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Bill to End Last In, First Out Narrowly Clears Senate

Tuesday, March 01, 2011

classroom, teacher, student (flickr user billerickson (cc:by-nc))

The state Senate narrowly approved a bill that would end the law requiring new teachers to be the first to go during layoffs, but its fate in the state Assembly is less certain.

The bill would do away with the so-called last-in, first-out rule requiring school districts to lay off new teachers first when cutting back staff.

Moments after the vote, Governor Andrew Cuomo released his own bill, that would end LIFO in all schools in the state and institute a new teacher rating system for the 2011, 2012 school year.

"It is time to move beyond the so-called 'last in, first out' system of relying exclusively on seniority," Cuomo said. "However, we need a legitimate evaluation system to rely upon. This will help make a statewide evaluation system ready and allow us to replace 'last in, first out.'"

Senate Education Committee Chair John Flanagan says he knows the bill will create “consternation and angst”, but he is open to it. “I don’t think it’s unreasonable to say that seniority can’t be the sole criterion,” said Flanagan, who is also the bill's sponsor.

Several Republicans aren't happy with the language. Staten Island senator Andrew Lanza said he thinks the bill should be changed so that seniority protections still apply once the most ineffective teachers are removed.

"Experience does matter," he said. "The mayor is here because term limits were overturned because it was said that we needed his experience to get through these tough times. Experience matters."

Mayor Michael Bloomberg has been urging Albany to approve the bill ending seniority protections because the city is facing more than 4,600 teacher layoffs. Even though the bill cleared the Republican-led Senate, it would likely face an uphill battle in the Democrat-led Assembly.

In a statement Bloomberg wrote that the bill puts the needs of children ahead of politics. He added, "Now, we urge the Governor to include this critically important reform in his budget proposal on Thursday and for the Assembly to support it."

Assembly Speaker Sheldon Silver said before Cuomo’s bill was released that the teachers union and state education department are already working on a policy to replace LIFO as part of the requirements for receiving federal Race to the Top funding in time for the 2012-2013 school year.

Assembly Speaker Sheldon Silver said before Cuomo’s bill was released that the teachers union and state education department are already working on a policy to replace LIFO as part of the requirements for receiving federal Race to the Top funding in time for the 2012-2013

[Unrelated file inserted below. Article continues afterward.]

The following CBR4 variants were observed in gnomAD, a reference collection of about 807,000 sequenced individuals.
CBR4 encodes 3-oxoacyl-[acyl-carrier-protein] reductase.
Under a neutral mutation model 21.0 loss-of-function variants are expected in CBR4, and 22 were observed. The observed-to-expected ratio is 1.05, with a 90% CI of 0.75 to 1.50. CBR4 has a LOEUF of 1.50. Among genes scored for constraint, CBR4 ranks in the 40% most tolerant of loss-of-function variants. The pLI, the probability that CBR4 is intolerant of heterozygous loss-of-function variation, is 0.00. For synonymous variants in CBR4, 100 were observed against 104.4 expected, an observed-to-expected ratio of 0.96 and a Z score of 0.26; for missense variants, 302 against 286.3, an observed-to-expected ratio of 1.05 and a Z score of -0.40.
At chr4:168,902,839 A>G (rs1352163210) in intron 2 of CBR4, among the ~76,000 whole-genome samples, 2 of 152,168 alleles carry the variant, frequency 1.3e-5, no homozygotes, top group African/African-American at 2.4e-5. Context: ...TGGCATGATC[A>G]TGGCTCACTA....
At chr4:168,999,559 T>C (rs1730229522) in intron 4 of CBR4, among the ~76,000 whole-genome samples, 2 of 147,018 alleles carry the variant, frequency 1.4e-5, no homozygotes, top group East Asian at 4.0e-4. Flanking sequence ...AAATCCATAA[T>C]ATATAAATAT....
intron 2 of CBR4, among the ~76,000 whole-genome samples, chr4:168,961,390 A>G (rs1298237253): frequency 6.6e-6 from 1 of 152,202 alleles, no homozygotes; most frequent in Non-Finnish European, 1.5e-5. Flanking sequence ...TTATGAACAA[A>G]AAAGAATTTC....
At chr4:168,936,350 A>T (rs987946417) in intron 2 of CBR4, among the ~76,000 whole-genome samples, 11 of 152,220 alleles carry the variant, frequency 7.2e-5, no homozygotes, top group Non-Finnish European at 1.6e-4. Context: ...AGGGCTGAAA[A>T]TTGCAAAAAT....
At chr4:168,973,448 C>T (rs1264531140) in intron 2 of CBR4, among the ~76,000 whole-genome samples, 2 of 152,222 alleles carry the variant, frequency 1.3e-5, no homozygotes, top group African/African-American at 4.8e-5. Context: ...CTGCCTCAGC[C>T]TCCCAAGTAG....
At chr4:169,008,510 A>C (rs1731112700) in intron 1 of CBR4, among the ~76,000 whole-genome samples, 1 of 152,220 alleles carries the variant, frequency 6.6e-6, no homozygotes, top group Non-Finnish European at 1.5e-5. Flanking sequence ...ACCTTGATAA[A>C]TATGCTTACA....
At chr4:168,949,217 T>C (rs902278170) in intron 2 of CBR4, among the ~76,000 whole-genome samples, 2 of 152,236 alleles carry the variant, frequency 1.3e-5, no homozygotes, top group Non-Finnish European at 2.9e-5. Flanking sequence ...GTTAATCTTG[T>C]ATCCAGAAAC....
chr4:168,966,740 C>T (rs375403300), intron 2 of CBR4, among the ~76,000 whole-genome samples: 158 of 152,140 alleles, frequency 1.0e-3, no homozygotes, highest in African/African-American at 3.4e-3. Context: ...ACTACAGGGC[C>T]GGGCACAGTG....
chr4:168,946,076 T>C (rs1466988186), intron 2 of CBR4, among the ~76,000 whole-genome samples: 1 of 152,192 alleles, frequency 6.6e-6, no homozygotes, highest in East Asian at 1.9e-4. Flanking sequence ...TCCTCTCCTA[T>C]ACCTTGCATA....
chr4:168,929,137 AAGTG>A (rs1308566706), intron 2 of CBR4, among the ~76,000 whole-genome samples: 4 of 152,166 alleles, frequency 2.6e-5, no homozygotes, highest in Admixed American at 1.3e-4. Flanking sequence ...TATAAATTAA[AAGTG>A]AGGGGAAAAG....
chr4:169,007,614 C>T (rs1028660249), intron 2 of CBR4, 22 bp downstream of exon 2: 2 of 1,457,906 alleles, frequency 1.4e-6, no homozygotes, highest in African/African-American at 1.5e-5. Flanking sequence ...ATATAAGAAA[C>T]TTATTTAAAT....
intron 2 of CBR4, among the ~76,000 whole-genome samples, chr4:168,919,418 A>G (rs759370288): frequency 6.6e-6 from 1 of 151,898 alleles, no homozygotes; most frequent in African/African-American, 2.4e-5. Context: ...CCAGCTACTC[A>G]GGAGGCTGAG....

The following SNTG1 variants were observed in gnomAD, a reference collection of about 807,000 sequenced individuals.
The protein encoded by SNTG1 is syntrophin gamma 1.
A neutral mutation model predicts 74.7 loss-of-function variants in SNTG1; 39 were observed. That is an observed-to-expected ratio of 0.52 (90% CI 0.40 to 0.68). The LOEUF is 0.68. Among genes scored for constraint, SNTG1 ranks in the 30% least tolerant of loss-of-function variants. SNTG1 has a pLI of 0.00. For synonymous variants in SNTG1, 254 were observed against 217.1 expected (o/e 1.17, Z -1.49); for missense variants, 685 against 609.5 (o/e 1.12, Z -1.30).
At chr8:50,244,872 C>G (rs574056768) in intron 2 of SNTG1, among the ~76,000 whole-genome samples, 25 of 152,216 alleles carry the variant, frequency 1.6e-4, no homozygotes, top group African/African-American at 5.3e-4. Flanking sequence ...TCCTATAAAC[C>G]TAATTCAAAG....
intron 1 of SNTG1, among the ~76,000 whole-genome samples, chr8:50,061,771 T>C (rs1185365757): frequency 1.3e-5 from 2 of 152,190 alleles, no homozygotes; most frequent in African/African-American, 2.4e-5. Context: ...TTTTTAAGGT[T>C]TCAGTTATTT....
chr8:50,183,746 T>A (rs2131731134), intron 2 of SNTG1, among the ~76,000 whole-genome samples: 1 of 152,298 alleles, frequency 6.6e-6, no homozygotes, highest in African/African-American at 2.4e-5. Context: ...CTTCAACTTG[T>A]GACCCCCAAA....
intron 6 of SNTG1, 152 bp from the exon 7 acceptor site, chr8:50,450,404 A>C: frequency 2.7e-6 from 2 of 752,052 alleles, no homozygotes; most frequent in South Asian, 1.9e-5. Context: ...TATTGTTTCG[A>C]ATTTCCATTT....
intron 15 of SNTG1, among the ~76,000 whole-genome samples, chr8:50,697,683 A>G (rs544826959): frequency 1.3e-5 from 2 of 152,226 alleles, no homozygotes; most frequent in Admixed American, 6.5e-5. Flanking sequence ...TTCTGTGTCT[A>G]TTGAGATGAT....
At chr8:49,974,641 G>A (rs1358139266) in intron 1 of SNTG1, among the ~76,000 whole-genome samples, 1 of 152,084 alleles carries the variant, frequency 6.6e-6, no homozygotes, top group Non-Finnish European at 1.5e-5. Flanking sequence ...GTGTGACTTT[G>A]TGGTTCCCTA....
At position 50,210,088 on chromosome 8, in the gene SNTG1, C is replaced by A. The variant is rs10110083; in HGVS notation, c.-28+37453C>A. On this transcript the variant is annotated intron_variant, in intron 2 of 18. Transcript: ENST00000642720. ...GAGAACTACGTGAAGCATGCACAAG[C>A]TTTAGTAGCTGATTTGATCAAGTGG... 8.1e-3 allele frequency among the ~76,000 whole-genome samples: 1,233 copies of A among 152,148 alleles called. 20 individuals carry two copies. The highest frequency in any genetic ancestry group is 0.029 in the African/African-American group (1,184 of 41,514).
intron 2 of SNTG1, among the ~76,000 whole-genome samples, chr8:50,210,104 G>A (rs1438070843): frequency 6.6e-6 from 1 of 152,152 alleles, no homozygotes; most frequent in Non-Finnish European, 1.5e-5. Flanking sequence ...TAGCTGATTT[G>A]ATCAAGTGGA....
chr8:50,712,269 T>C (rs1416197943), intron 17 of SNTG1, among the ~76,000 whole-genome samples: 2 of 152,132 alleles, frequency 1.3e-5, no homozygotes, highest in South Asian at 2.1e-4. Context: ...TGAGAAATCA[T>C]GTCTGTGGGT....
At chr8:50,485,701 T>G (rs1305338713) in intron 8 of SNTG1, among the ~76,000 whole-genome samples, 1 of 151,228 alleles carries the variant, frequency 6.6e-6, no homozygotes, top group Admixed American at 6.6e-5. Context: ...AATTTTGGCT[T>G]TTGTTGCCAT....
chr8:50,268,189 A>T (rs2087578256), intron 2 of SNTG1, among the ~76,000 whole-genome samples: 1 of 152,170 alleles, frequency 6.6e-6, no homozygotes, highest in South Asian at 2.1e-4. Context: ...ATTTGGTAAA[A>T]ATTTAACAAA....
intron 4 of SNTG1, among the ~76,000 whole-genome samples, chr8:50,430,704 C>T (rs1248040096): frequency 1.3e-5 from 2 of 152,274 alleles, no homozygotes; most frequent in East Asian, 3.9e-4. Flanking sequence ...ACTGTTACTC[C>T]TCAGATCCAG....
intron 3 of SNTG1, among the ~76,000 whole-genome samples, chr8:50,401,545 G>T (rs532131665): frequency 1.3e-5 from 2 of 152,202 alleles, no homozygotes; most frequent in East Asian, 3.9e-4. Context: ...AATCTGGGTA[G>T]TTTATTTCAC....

school year. 

With reporting by Karen DeWitt.

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Comments [8]

richiezirbs

If anyone thinks this is about getting rid of ineffective teachers,they are blind.This is about getting rid of the higher paid expierienced teachers.This is all leading up to privatizing education.My wife just showed me the new evaluation guidelines.According to them,loosely structured teachers will never be effective.We all know anything the state touches turns to crap.Btw,who hired all these ineffective teachers?Shouldn't they get the axe

Mar. 02 2011 05:35 PM

I want to know when Beth Fertig is going to actually go out into some schools and do some real reporting instead of this pandering to the King Of N.Y.
Has she seen what we go through everyday ? Why isn't she reporting on the fact that students are being taught out of locker rooms, in the hallway, in the lunchroom ?
What about the fact that we have parents BUYING supplies because under Bloomberg school budgets cripple our principals ?
What about investigating the fact that he is purposely setting schools up to fail ?
I always liked this radio station because I felt like they did good reporting. If they can't get education reporting right,it makes me wonder about everything else. I guess that's what happens when you accept money from Bill Gates, you might offend him by telling the truth. Thank you.

Mar. 02 2011 06:37 AM

I'm bothered by the impression that some WNYC hosts think it's a good idea to give some bureaucrat the power to fire teachers who have given decades of their lives to the students of our public schools, Suppose someone proposed that longtime WNYC hosts be replaced by enthusiastic and cheaper recent journalism grads. It would certainly help replace lost government funds. Great for taxpayers -- depressing for people with decent values.

Mar. 02 2011 01:02 AM
Gil from Westchester